Euphoria … and April 2021 – End of Month Update

People, Football, Footballers, Group, Team Sport

“Bull markets are born on pessimism, grow on skepticism, mature on optimism and die on euphoria.”

Sir John Templeton

John Templeton (1912 – 2008) was a great investor, fund manager and philanthropist. He is best known for setting up the Templeton Growth Fund which averaged returns of over 15% per year for 38 years. Slack Investor salutes this kind of behaviour and listens when great investors say something. If Mr Templeton is right, this game should be pretty easy and we wait till the “Euphoria” sets in and the we sell … Right?

Well, according to the CitiGroup Panic and Euphoria Index , which looks at sentiment in the market back to 1950. The section from 1987 through to the start of 2021 is shown below – Euphoria is already well and truly established by December 2020. However, most markets have gone up considerably further since then!

Source: Haver Analytics, Pinnacle Data, and Citi Research – – Click image for better resolution

This is a bit of a complex chart, and the grey solid columns represent the return from the US Stock market for the next 12 months (forward return) and the Magenta line is the Citibank Euphoria Index which tracks market sentiment.

Visually, it looks like whenever the Euphoria Index (LHS – Magenta) goes to a high value, there is a downturn in the next 12-month return (RHS – Grey). Citibank have defined a range (Blue Lines) where the market is operating “normally” and outline areas of Euphoria and Panic when the market is beyond that range. According to Citibank, we are in a period of Euphoria and the prospect of good returns in the next 12 months looks bleak. The Chief Economist from Citigroup, Tobias Lekovich, suggests that there is a “100% historical probability of down markets in the next 12 months at current levels.” – that proclamation was made 5 months ago.

Another Slack Investor hero, Warren Buffet, talks about the ratio of total United States stock market valuation to US Gross Domestic Product (GDP). This is now known as the “Buffet Indicator” – and, although he admits to its limitations, it still is “the best single measure of where valuations stand at any given moment. At April 22, 2021 the Buffett Indicator is calculated to be 234% – the highest value since 1950. In contrast, the Australian market using this indicator is either “fair valued” or “modestly overvalued”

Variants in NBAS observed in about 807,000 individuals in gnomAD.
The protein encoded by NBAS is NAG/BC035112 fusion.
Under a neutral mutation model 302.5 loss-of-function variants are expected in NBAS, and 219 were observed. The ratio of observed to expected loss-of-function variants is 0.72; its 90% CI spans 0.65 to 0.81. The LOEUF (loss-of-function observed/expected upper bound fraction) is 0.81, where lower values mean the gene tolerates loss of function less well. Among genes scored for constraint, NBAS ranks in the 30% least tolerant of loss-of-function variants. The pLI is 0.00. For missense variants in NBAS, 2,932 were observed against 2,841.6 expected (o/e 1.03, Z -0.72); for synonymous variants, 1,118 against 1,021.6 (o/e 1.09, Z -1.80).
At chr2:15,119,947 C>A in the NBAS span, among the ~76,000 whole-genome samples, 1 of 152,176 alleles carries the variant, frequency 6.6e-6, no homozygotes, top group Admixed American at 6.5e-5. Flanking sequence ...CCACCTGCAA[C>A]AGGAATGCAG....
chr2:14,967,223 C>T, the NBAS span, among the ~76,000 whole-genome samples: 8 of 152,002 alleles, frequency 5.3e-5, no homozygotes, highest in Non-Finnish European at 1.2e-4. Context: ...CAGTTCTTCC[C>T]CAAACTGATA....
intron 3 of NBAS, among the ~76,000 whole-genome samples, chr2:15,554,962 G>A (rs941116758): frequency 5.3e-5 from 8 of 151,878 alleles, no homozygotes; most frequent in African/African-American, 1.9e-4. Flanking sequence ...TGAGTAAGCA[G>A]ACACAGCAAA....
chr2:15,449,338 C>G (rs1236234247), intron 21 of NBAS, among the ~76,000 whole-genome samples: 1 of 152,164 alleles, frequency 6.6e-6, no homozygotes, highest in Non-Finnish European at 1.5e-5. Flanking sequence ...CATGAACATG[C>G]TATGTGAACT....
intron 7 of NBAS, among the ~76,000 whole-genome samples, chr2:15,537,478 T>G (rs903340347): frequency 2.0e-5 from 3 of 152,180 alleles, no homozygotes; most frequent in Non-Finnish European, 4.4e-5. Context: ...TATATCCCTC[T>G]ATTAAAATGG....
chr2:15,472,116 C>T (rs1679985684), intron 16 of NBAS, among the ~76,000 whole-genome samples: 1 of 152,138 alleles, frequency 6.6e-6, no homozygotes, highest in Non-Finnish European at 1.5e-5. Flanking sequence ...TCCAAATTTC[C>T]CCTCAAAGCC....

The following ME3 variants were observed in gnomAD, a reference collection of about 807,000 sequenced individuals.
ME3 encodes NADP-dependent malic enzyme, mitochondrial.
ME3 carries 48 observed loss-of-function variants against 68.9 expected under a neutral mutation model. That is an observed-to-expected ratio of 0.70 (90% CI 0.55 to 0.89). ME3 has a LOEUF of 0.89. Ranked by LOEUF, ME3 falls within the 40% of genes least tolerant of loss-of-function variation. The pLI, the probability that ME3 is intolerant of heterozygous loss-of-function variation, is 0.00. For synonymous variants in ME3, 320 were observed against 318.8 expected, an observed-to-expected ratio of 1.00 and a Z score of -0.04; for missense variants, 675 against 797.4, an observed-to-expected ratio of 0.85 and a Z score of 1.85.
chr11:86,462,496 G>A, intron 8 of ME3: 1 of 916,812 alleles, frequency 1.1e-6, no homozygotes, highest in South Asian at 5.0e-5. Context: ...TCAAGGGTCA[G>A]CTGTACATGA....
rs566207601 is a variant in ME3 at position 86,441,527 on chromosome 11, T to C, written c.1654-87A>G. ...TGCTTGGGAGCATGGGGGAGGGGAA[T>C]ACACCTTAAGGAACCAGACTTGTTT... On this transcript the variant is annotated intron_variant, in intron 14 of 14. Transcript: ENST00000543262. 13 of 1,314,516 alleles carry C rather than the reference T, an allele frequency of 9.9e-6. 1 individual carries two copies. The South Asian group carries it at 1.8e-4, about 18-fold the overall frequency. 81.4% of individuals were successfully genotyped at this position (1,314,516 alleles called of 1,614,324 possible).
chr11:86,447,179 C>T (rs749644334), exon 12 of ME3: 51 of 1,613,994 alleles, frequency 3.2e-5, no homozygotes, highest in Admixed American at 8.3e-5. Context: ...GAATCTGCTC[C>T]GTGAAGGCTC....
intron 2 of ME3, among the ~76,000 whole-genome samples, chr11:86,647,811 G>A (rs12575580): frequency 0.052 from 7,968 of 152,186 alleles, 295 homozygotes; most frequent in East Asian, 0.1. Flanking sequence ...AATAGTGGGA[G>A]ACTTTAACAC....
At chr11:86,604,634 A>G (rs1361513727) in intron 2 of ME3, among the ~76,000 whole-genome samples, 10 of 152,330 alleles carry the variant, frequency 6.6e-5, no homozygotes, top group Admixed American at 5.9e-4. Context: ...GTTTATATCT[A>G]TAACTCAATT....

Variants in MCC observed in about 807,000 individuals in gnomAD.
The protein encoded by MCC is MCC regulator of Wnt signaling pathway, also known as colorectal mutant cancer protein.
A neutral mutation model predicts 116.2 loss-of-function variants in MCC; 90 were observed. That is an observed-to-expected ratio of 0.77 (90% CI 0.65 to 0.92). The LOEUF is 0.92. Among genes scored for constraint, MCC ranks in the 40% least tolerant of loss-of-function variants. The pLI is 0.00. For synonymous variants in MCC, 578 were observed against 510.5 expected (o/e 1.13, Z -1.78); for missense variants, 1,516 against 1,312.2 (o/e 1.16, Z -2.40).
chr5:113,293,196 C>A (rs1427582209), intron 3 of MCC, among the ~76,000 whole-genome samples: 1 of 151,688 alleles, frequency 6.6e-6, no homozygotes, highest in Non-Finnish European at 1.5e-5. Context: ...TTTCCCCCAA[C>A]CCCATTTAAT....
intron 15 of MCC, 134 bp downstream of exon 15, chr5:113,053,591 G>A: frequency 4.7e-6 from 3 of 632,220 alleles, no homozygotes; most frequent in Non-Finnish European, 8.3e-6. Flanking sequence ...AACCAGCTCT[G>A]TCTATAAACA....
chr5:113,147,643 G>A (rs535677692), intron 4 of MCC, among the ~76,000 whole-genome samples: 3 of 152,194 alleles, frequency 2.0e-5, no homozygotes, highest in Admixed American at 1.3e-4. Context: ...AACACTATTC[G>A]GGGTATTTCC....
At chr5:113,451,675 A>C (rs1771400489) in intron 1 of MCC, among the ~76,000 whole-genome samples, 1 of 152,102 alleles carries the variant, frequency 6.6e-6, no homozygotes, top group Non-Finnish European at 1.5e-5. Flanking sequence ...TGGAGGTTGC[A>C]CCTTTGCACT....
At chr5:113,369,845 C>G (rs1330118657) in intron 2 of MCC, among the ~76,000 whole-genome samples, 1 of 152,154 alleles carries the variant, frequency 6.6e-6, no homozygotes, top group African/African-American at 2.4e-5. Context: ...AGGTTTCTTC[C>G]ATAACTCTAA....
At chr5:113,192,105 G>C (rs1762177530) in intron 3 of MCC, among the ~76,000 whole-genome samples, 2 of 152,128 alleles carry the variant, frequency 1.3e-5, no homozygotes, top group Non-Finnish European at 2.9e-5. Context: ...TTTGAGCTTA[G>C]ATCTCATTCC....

From Current Market Valuation – The Buffett Indicator is the ratio of total US stock market valuation to GDP – Click image for better resolution

By our calculation (the US Stock Market) that is currently 88% (or about 2.9 standard deviations) above the historical average, suggesting that the market is Strongly Overvalued

Current Market Valuation

There are a lot of current examples of “investor exuberance” in the stock markets – particularly in the US. There is no doubt that the pricing of some companies has got well out of hand. The earnings of a company are critical when I look at my investments.

Another risk is that pockets of the market at the moment appear to be speculative bubbles. You can easily tally about US$5 trillion of assets, from cryptocurrencies to Tesla, that are not underpinned by any fundamental earnings. They’re speculation. And if these bubbles were to pop, that could drag down a wider range of investments.

Hamish Douglas, Magellan Financial Group – Livewire Interview

There are a group of companies that I like that I have no intention of selling – because they have a good track record of increasing earnings and there future prospects look good – no matter what the market does in the short term. There is also about 40% my portfolio in stocks where I am not so sure of their long term prospects. It is these stocks that I will be watching closely at the end of every week and have set stop losses that will indicate to me that I should sell if the price falls below the stop loss.